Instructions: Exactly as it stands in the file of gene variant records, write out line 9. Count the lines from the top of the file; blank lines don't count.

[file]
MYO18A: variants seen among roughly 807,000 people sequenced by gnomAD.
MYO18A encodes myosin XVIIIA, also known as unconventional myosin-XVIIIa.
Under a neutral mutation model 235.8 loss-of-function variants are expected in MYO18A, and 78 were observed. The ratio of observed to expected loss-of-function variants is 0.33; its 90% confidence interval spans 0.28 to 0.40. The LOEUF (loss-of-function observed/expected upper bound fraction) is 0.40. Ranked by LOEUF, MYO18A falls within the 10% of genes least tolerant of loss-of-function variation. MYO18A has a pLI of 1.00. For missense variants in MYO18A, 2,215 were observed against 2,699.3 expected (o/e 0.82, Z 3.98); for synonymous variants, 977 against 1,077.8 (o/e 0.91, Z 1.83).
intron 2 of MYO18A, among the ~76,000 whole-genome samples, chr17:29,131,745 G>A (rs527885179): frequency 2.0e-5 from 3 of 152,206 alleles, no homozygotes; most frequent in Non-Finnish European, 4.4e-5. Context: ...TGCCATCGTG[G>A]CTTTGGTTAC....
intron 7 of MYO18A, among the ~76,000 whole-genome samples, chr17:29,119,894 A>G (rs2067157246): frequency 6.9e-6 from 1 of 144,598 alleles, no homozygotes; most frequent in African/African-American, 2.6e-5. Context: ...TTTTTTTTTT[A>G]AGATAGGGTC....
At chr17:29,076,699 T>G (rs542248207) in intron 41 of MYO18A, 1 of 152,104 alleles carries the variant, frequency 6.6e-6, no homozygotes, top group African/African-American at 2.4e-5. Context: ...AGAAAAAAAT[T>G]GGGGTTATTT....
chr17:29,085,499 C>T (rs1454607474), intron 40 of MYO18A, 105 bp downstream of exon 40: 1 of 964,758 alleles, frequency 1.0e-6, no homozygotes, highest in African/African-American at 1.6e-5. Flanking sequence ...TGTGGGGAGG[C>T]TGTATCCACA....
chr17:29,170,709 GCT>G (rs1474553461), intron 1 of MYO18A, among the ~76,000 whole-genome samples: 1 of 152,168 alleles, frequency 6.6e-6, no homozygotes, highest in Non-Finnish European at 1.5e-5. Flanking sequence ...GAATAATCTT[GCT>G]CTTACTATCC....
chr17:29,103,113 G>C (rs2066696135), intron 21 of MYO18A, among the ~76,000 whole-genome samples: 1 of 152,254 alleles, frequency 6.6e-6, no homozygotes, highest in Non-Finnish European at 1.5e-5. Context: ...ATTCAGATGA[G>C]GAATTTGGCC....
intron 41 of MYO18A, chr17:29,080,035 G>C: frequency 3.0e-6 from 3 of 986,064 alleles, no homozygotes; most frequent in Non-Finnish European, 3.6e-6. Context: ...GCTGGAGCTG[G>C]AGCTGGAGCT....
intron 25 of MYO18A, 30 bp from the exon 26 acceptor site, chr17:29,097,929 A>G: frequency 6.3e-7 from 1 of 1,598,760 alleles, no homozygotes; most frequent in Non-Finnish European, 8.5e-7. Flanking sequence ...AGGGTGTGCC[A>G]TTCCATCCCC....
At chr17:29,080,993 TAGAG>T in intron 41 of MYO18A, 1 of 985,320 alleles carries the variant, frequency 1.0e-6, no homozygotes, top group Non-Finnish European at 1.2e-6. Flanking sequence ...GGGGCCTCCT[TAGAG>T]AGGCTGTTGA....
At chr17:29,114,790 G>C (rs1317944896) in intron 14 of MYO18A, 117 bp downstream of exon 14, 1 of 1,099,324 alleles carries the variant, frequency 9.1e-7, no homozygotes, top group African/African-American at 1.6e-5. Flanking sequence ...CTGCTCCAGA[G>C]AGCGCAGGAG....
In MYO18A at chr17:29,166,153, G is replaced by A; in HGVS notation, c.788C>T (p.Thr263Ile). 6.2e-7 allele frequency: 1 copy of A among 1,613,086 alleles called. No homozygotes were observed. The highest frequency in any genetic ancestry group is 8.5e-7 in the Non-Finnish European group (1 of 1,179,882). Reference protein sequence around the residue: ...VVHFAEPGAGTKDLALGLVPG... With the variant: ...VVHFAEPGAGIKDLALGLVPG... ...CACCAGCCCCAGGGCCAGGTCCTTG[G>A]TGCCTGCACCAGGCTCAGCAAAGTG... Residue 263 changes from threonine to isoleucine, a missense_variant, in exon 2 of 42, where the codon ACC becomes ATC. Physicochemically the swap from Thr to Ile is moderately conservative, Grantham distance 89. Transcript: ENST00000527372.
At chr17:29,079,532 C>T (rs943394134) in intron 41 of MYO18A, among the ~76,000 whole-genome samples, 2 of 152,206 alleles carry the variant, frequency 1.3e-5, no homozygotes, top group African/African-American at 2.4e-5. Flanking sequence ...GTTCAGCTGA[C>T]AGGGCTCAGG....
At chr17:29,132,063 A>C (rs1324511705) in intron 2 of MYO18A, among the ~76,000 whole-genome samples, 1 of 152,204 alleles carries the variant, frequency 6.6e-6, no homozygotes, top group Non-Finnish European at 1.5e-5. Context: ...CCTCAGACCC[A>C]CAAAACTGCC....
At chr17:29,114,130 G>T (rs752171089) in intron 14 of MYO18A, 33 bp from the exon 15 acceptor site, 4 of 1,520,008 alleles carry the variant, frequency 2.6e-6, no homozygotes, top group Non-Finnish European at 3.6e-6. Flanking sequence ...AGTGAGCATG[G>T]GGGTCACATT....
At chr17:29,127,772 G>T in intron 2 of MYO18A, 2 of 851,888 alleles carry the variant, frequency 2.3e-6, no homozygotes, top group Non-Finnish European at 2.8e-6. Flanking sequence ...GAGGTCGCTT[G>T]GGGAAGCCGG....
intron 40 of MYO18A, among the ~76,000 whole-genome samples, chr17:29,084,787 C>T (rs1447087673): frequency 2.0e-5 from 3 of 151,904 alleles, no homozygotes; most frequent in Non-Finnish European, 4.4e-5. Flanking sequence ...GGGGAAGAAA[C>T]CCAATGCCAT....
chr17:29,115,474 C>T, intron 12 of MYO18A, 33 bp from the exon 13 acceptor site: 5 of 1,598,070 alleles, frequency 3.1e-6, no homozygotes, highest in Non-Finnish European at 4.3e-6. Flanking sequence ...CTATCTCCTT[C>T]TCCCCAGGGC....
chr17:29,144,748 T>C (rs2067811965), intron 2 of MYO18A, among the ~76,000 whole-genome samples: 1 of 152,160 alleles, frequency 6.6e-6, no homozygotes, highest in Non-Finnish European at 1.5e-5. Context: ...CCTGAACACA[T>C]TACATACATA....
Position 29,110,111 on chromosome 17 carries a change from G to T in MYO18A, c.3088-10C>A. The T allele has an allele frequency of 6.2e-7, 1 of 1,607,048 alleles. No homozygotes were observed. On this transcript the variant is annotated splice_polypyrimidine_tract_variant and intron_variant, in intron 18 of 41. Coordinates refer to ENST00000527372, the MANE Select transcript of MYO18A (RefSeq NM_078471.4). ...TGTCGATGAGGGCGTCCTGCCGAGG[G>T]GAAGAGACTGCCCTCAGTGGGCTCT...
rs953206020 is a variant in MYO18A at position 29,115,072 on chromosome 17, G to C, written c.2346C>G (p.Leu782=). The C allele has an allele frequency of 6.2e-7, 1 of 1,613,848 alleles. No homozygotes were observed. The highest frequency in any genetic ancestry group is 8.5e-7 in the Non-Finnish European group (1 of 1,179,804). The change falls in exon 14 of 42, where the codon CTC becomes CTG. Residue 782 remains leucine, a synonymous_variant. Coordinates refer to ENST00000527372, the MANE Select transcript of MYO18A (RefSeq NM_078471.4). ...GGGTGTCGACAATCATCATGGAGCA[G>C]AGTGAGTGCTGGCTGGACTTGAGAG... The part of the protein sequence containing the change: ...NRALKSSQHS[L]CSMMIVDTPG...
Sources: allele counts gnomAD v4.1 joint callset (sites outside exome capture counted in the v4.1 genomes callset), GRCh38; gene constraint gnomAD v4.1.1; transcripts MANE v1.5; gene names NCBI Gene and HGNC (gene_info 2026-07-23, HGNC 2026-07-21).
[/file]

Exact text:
chr17:29,103,113 G>C (rs2066696135), intron 21 of MYO18A, among the ~76,000 whole-genome samples: 1 of 152,254 alleles, frequency 6.6e-6, no homozygotes, highest in Non-Finnish European at 1.5e-5. Context: ...ATTCAGATGA[G>C]GAATTTGGCC....